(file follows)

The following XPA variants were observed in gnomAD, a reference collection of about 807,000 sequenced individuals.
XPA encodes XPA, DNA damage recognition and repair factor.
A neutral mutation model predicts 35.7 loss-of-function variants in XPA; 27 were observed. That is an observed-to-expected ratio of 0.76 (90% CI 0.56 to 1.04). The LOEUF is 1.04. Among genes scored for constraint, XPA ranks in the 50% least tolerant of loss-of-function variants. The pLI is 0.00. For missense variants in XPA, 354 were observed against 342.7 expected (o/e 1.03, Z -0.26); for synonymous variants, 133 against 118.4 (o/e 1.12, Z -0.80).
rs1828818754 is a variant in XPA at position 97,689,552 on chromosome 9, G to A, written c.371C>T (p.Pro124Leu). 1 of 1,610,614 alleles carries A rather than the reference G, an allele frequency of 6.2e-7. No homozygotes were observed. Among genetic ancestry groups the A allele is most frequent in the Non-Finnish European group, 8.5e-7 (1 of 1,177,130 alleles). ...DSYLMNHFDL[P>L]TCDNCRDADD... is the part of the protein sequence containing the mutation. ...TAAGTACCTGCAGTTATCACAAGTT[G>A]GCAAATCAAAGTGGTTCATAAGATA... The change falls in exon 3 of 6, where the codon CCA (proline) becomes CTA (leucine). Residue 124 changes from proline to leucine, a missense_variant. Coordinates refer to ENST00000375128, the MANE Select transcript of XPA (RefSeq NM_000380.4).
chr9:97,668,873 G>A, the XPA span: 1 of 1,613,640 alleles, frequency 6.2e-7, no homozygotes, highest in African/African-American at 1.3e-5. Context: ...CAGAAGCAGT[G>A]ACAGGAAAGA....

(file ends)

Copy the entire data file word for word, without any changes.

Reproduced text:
The following XPA variants were observed in gnomAD, a reference collection of about 807,000 sequenced individuals.
XPA encodes XPA, DNA damage recognition and repair factor.
A neutral mutation model predicts 35.7 loss-of-function variants in XPA; 27 were observed. That is an observed-to-expected ratio of 0.76 (90% CI 0.56 to 1.04). The LOEUF is 1.04. Among genes scored for constraint, XPA ranks in the 50% least tolerant of loss-of-function variants. The pLI is 0.00. For missense variants in XPA, 354 were observed against 342.7 expected (o/e 1.03, Z -0.26); for synonymous variants, 133 against 118.4 (o/e 1.12, Z -0.80).
rs1828818754 is a variant in XPA at position 97,689,552 on chromosome 9, G to A, written c.371C>T (p.Pro124Leu). 1 of 1,610,614 alleles carries A rather than the reference G, an allele frequency of 6.2e-7. No homozygotes were observed. Among genetic ancestry groups the A allele is most frequent in the Non-Finnish European group, 8.5e-7 (1 of 1,177,130 alleles). ...DSYLMNHFDL[P>L]TCDNCRDADD... is the part of the protein sequence containing the mutation. ...TAAGTACCTGCAGTTATCACAAGTT[G>A]GCAAATCAAAGTGGTTCATAAGATA... The change falls in exon 3 of 6, where the codon CCA (proline) becomes CTA (leucine). Residue 124 changes from proline to leucine, a missense_variant. Coordinates refer to ENST00000375128, the MANE Select transcript of XPA (RefSeq NM_000380.4).
chr9:97,668,873 G>A, the XPA span: 1 of 1,613,640 alleles, frequency 6.2e-7, no homozygotes, highest in African/African-American at 1.3e-5. Context: ...CAGAAGCAGT[G>A]ACAGGAAAGA....